My research addresses the fraught history of racial fetishism. Through cultural criticism—including queer of color critique, women of color feminism, and performance methodologies—I trace the connections between interracial sex, mixed race subjects, and US intervention in the transpacific.
Areas of expertise
critiques of multiracialism; queer and feminist theory; aesthetics;
the colonial present; temporality and memory; visual culture;
comparative race and ethnicity
Fields of knowledge
Gender and Sexuality Studies; Asian American Studies;
Critical Mixed Race Studies; Performance Studies;
Once the subject of social panic, racial mixture is now idealized as a sign of progress, even as an antidote to generations of racial injury. Many scholars have interrogated racial mixture's relation to scientific racism, eugenics, and the color line, but few have thoroughly confronted the peculiar enchantment of the Eurasian subject. Marked by legacies of war, trade, and migration, the Asian/white hybrid forces a reckoning with the sexual and coercive encounters between east and west. My first book project, drawn from my dissertation research, puts hybridity’s biological roots in conversation with the shifting terrain of white supremacy to demystify the lure of racial mixture and its connection to racial fetishism.
Situated in the generations after the US Supreme Court’s decision to overturn anti-miscegenation laws in Loving v. Virginia (1967) and the end of the Vietnam War (1975), my book project studies the archive of multiracial Asian American literature, culture, and performance art. Moving across theater, film, poetry, photography, true crime, and performance art, I emphasize the scene of interracial sex to recall the colonial legacy of racial fetishism. The project forwards the concept of “racial hosting” to join together a series of case studies on Asian/white cultural figures and artists who demonstrate what I call “white residue,” a remainder of whiteness despite interracial sex rendering it obsolete. I contend that the Asian/white hybrid is both an index to track the colonial condition across time, and a host that harbors the colonial desires we have come to name as progress, multiracialism, and post-racism.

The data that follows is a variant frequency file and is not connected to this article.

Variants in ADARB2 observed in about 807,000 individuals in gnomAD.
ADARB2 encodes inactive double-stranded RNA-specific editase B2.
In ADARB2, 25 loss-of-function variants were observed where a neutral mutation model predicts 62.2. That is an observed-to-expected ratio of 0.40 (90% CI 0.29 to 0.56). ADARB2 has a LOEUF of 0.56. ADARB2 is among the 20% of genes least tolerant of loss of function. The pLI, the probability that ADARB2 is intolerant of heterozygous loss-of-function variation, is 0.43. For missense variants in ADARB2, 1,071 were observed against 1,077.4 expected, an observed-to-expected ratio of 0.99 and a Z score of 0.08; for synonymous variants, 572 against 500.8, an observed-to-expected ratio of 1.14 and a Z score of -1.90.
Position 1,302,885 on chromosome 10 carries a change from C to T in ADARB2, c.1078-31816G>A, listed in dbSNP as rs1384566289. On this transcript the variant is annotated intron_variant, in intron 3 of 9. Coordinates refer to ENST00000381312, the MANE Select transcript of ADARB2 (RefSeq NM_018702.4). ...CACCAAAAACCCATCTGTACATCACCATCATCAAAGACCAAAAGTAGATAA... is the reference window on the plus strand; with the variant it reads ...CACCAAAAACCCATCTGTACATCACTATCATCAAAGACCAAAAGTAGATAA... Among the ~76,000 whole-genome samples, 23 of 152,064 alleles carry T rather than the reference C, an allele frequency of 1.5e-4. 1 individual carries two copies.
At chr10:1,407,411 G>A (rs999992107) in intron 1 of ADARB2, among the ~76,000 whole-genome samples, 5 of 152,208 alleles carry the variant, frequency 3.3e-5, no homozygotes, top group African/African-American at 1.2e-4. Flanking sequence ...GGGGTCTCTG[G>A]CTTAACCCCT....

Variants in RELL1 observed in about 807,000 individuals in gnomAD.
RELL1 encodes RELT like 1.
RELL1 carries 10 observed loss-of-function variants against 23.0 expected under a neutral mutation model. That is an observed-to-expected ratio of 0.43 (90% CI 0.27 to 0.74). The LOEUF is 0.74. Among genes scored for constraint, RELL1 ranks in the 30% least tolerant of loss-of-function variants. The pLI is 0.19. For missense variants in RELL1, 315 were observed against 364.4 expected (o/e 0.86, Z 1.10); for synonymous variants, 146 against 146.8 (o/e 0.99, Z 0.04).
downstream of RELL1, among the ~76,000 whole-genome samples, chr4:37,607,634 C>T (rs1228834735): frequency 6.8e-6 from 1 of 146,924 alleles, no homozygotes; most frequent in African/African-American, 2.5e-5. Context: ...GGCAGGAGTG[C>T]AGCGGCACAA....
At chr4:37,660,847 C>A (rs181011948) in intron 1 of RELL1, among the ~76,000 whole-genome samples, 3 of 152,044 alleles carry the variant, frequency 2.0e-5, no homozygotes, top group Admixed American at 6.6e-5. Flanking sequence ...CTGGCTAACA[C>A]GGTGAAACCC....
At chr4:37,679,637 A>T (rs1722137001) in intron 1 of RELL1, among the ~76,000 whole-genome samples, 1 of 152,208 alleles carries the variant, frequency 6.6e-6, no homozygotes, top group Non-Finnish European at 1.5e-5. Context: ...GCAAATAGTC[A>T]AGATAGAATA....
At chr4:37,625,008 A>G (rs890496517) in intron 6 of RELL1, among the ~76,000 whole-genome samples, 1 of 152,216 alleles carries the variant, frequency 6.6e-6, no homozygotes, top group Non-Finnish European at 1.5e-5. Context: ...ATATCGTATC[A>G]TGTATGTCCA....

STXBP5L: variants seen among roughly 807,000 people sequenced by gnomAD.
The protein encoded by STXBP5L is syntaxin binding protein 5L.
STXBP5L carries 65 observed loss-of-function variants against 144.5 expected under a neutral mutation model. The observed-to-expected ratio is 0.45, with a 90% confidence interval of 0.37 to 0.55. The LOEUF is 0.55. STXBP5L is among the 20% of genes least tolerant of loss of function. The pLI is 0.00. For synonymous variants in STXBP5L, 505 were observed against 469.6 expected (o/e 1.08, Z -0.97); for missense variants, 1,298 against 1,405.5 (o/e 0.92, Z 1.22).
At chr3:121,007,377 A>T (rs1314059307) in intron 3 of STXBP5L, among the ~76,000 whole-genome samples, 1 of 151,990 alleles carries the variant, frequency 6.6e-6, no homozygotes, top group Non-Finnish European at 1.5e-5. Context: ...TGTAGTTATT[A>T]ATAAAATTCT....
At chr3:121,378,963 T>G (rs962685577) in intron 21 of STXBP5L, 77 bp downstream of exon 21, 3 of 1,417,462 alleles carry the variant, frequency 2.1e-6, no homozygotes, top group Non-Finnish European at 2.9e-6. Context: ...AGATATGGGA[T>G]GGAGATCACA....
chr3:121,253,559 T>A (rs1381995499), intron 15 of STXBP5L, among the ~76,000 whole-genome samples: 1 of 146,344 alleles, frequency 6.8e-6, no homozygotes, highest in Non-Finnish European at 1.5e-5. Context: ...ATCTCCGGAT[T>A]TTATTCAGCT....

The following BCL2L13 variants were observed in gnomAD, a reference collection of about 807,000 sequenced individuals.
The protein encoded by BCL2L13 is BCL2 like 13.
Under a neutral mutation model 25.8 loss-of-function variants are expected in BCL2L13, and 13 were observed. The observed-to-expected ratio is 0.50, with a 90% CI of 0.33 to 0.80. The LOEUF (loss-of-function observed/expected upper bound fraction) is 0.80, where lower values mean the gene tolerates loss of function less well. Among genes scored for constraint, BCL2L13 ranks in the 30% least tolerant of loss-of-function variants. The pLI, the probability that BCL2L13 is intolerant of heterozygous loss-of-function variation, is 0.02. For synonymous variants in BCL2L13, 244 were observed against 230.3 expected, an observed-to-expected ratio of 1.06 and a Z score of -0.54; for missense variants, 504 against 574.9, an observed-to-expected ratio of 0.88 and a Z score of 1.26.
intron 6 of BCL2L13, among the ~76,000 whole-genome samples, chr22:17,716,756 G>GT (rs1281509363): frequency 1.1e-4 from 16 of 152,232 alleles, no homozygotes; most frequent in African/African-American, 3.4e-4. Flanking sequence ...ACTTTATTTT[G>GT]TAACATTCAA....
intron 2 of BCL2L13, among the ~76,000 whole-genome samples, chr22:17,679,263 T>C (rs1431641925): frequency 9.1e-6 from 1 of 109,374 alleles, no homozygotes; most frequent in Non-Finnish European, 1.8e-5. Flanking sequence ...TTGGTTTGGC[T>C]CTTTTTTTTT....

In writing this book, my goal is to intervene into current debates on multiracialism and white supremacy by revealing how mixed race subjection - like all racial subjection - is a violent phenomenon with reverberating implications for the structure of racial form writ large.